Monday, October 26, 2015

Coming back from a break.

A split second before breaking my leg.
On April 9th I fell from the top of Futebol (a boulder problem in Fontainebleau) and broke my leg.  It was an unfortunate accident and left me in pain, immobile and very bored for the following few months.  Whilst it wasn't a major injury, I was very shaken up by the incident and wondered how it would change my future desire for climbing.  Maybe it was a sign... Maybe it was time for climbing to take a back seat and time to focus on something new.  I wondered whether I'd ever regain any composure and whether I'd now be petrified when climbing.

A few months of inactivity gave me lots of time to think and consider whether climbing and I would still have a future together.  After all, I'd reached a lot of personal milestones and had had some incredible times with amazing people. Perhaps it was time to move on...

After 3 months I began to tentatively climb again - albeit mostly sideways and close to floor!  My leg was still a little painful and certainly prevented me from falling too far.  Little by little, things improved and I could fall slightly further without much discomfort.  I was very fearful of re-injury and this inhibited my climbing, and limited my enjoyment.  I started to train again and was initially very demoralised by how much weaker I'd become. 

My leg continued to improve over the next months - I could fall from a little higher and was starting to get some strength back.  However, I felt like I was just going through the motions and no longer loved what I was doing.  I was still very fearful and this greatly inhibited my enjoyment and desire for the sport.  I used to love climbing for so many reasons and the intense fear of injury was overshadowing all the positive emotions that I'd usually draw from climbing.  I had to do something to tackle the fear... I needed to get back on the metaphorical 'horse'.  Not just any boulder, but I really needed to tackle the fear by revisiting the site of my accident and climbing the boulder problem Futebol...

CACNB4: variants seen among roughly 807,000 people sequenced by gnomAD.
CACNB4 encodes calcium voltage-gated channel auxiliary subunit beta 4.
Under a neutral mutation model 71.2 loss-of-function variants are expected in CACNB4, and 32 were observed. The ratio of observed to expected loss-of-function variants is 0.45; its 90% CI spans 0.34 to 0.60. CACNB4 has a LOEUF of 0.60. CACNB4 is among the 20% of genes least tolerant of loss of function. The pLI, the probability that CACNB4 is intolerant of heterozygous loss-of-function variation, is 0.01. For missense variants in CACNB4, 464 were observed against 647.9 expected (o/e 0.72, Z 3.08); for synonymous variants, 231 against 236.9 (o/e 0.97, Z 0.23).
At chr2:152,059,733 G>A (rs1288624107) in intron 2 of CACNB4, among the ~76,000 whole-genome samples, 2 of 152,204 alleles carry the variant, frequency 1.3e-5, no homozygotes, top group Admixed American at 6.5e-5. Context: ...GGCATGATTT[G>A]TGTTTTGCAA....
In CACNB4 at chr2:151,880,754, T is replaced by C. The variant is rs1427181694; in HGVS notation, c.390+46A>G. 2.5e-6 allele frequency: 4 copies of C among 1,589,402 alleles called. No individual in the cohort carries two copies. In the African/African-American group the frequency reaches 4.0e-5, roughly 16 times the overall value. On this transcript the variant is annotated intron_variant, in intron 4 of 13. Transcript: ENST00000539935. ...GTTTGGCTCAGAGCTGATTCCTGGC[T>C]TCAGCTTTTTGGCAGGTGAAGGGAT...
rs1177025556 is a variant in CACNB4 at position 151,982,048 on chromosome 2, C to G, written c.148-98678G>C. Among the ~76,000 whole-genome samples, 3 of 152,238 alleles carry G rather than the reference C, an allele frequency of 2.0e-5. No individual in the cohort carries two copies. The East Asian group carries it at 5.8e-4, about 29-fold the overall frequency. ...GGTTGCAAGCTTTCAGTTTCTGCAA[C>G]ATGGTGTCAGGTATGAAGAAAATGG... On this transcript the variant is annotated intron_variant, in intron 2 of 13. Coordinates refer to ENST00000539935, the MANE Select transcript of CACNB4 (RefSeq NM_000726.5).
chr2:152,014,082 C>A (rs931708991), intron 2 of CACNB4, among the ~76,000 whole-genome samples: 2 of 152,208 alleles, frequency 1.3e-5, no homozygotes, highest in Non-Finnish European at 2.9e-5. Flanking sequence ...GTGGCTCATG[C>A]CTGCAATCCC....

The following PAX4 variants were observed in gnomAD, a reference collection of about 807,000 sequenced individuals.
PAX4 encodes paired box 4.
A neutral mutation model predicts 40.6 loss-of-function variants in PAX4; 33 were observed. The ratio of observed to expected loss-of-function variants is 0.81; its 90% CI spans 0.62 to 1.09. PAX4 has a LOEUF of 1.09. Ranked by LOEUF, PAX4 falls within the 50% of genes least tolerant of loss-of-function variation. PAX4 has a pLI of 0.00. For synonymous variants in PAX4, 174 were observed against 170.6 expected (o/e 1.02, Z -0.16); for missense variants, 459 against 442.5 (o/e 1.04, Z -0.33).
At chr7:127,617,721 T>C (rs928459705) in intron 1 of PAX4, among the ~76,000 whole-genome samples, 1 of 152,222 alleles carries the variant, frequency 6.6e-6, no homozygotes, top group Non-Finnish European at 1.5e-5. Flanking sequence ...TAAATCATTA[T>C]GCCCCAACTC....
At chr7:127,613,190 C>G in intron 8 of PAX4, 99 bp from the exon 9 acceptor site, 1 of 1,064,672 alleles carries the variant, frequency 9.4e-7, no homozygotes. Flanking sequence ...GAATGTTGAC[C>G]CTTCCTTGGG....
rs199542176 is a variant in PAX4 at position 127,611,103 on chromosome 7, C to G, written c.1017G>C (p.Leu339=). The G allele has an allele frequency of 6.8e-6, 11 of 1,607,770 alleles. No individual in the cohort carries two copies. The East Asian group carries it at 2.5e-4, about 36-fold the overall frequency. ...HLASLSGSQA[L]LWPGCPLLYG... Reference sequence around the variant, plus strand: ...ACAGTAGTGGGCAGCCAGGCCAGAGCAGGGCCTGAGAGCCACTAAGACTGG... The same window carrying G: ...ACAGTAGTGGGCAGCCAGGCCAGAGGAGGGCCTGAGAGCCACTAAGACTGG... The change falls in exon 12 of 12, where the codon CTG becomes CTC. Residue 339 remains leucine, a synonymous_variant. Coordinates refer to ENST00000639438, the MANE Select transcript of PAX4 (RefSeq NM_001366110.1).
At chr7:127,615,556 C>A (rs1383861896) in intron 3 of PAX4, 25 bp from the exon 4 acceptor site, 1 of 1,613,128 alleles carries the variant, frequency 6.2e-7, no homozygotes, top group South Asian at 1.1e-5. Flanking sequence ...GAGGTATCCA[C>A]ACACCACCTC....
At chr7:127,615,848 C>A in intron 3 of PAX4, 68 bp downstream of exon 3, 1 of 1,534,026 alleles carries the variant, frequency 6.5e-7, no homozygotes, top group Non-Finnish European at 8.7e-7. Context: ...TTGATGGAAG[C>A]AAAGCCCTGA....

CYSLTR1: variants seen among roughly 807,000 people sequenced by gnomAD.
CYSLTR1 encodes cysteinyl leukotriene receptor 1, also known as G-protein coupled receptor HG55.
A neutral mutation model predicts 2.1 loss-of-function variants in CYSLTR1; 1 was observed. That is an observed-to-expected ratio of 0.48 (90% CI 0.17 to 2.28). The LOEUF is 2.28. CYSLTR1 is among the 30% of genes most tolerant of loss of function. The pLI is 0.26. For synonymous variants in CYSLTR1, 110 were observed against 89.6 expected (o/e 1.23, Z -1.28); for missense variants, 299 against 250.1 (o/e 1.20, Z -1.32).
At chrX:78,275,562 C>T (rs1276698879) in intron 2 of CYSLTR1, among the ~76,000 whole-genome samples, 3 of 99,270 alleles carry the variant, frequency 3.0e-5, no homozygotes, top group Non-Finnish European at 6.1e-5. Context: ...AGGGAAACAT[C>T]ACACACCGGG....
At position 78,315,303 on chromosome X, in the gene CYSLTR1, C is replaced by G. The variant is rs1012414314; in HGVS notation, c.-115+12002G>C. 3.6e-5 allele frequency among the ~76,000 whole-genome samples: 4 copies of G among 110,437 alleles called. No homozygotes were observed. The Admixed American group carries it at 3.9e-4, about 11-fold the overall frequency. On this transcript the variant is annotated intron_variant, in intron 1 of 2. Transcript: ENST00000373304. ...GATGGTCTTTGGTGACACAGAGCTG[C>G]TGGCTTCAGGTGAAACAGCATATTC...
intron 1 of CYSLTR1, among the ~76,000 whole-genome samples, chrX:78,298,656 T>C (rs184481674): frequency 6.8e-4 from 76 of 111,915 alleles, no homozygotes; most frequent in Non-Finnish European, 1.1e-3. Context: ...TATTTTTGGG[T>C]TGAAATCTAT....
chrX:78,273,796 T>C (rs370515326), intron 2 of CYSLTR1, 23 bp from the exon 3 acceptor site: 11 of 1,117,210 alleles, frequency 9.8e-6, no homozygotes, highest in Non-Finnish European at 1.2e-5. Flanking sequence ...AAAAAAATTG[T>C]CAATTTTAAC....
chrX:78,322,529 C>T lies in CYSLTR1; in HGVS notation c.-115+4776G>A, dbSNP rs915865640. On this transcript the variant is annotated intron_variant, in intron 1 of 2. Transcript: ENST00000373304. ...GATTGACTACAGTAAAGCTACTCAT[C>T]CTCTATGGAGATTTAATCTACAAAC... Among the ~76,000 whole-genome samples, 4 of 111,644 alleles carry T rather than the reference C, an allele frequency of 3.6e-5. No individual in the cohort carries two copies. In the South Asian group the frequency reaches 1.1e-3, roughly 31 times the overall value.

I booked a trip to Fontainebleau for October and started to contemplate how I'd get myself to the top of the boulder.  The main problem would be mental and emotional, but I certainly couldn't underestimate the physical challenge.  When fully fit it should be a reasonably straightforward challenge to climb, however, I was unfit and nowhere near strong enough to climb it.  I continued to train at the wall and worked on getting my fitness back. 

I went to Font two weeks ago and set about remembering how to climb in the forest.  It was a shaky start - I was very nervous on even the lower top outs.  However, things improved and I rediscovered my movement, composure and desire to climb again.  All things considered, I was actually feeling quite strong.  I climbed a lot in the first week and climbed many boulders that I found quite difficult, but not at my limit.  

We were in the second week of the trip and I knew I needed to contemplate when to revisit Futebol.  We visited Gorge de Houx one day and parked in the same place as for Futebol.  The parking was 1km from Futebol, however, I found it very emotional to be back there.  It really surprised my how much it upset me - it brought back the memories of struggling across the road with sticks and the painful 'collapse' into the car.  I certainly couldn't imagine visiting the boulder, let alone climbing it again.  We only had 5 days left and my goal of 'getting back on the horse' was feeling far out of reach.

I spent some time thinking about why I climbed and why I wanted to keep climbing.  I decided that I loved climbing too much to let it go yet.  Some element of fear and risk gave me a buzz and (sorry, this sounds very cliché) actually made me feel alive!  I really wanted to re-discover my desire and needed to face up to my fears and climb Futebol.  I needed closure...

We were leaving on the Saturday at 3pm, and in true last minute fashion (add lashings of jeopardy!) I decided to visit Futebol on the Saturday morning.  It would’ve been a day or two earlier, but the weather had conspired against us and soaked the forest.  We pulled up at the parking and I felt apprehensive, but positive.  I didn’t feel overcome by inhibiting emotions and instead felt ready to conquer my fears…